Ralphie May Comedy Show on September 11 at 8 p.m. or September 13 at 7 p.m. (Up to 52% Off)

Multiple Locations

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In a Nutshell

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The Last Comic Standing finalist draws laughs with his boyish charm and piercing observations that have been featured on DVDs

The Fine Print

Expiration varies. Limit 10 per person. Valid only for option purchased. Redeem starting on day of show for a ticket at venue box office. Must show valid ID matching name on Groupon at venue. Must provide first and last name at checkout, which Groupon will provide to facilitate redemption of voucher. Refundable only on day of purchase. Must redeem together to sit together. Discount reflects Ravens Flight Creative Productions' current ticket prices - price may differ on day of the event. Doors open 1 hour before showtime. Merchant is solely responsible to purchasers for the care and quality of the advertised goods and services.

Standup comedians typically draw from real life, such as bad relationships or how the zoo is crazy. Life's a riot with this GrouponLive deal to see comedian Ralphie May. Choose between the following cities and performances:

  • For $13, you get general admission to a Ralphie May comedy show at the McDonald Theatre in Eugene on Tuesday, September 11, at 8 p.m. (up to a $25 value, including all fees).
  • For $13, you get general admission to a Ralphie May comedy show at The Historic Elsinore Theatre in Salem on Thursday, September 13, at 7 p.m. (up to a $27 value, including all fees).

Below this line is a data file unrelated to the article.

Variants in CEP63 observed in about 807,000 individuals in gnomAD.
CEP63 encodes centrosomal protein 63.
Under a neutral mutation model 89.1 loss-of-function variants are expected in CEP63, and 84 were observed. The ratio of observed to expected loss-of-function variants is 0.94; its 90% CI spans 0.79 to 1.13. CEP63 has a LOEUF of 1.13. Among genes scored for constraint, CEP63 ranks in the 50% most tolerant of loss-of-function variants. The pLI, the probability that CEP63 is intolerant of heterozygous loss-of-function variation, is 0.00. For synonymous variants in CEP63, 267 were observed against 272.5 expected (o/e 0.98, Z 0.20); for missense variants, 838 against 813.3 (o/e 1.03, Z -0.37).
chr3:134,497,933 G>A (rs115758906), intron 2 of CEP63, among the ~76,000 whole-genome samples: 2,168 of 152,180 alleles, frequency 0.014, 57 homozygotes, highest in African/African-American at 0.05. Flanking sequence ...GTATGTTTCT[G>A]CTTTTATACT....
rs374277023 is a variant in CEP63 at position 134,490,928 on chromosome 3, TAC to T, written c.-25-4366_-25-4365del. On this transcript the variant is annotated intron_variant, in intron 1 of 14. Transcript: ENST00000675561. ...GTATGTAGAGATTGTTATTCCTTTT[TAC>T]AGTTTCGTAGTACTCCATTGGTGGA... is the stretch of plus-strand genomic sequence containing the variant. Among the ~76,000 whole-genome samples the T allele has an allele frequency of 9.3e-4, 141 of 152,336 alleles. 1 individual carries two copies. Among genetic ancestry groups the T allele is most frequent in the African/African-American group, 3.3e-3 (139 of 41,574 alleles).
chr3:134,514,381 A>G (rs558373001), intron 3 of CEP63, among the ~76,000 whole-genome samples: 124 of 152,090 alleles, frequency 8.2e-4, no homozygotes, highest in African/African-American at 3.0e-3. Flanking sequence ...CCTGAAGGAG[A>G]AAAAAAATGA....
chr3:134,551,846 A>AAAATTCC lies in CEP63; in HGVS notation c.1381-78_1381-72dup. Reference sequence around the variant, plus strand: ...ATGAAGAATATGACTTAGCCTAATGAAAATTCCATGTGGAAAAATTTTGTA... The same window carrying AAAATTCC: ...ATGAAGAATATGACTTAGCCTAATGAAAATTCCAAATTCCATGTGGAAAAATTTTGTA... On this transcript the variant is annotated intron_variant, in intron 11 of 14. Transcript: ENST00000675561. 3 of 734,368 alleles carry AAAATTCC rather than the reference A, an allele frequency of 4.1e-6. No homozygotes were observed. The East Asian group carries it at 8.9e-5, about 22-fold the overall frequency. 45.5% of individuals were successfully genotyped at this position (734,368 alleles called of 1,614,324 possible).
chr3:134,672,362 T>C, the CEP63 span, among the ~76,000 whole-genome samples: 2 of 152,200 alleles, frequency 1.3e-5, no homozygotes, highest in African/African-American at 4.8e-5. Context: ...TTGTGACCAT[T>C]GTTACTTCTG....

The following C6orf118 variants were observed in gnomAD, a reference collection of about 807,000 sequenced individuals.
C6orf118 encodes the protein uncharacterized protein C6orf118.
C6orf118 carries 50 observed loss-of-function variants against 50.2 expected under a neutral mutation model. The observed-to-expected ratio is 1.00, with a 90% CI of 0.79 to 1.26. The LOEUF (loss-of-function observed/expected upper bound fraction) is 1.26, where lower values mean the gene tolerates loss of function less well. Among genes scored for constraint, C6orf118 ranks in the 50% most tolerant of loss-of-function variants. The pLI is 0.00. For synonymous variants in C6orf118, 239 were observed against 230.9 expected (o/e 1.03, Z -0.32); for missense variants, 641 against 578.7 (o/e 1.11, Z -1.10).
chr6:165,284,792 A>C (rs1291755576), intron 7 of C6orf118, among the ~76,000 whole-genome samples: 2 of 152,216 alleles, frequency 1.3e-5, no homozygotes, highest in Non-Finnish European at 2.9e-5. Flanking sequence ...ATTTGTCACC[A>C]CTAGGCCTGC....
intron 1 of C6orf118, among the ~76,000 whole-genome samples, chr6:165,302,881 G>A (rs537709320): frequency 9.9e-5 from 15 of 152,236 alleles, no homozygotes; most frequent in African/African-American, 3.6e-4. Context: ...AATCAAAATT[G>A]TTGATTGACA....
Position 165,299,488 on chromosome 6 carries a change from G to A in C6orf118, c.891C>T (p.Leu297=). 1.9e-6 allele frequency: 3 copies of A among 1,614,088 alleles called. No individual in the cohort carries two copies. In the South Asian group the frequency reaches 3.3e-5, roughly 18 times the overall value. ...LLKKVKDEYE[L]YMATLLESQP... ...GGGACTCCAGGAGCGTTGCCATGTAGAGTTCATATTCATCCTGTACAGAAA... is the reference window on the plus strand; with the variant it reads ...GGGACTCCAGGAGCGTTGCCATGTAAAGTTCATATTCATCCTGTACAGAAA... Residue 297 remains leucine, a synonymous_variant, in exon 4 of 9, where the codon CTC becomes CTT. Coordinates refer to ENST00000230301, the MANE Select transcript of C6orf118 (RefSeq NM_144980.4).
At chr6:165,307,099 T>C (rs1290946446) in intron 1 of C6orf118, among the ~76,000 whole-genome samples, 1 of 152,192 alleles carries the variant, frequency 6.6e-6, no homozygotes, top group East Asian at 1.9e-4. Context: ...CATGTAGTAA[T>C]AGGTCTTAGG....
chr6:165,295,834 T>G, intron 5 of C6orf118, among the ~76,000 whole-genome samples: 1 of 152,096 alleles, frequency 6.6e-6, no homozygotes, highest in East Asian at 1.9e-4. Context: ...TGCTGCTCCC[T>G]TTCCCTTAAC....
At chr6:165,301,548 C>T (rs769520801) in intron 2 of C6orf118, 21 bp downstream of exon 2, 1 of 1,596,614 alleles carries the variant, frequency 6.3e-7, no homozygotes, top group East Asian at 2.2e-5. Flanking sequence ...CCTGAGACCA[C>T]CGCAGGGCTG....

From the moment Ralphie May walks onto the stage, he demands attention with his 400-pound frame and incongruously high-pitched voice, juxtaposing quick barbs against lengthy pauses to wittily lance society's absurdities. His Southern drawl and babyish looks won him second place in NBC's Last Comic Standing and launched him into the comedy stratosphere, where he starred in several Comedy Central specials and DVDs, including Prime Cut, in which he pokes fun at the adorably awful hairstyles that are popular in his native Dixie. This past March, during his Too Big to Ignore special, Ralphie mused on the unforeseen perks of resembling a famous transgender celebrity, leaving audiences as delighted as a clown who finally saved up enough to buy his own personal limousine.

McDonald Theatre

Listed in the National Registry of Historic Places, the McDonald Theatre has enjoyed a long, strange history since its establishment in 1925. Originally a community playhouse equipped with both a stage and a screen, the theater found new life in the 1950s when One Flew Over the Cuckoo’s Nest author and psychedelic pioneer Ken Kesey began presenting free cartoons there every Saturday morning. The McDonald spent the next six or so decades as a movie house exclusively, but in 2001, the Kesey family returned, producing concerts and community events under the theater’s enormous proscenium arch. Kesey Enterprises finally purchased the time-weighted stage in 2009, and today the building hosts events ranging from high-school proms to reggae concerts to plumbing-fixture lifting contests.

Live shows that'll make you laugh, including stand-up and improv acts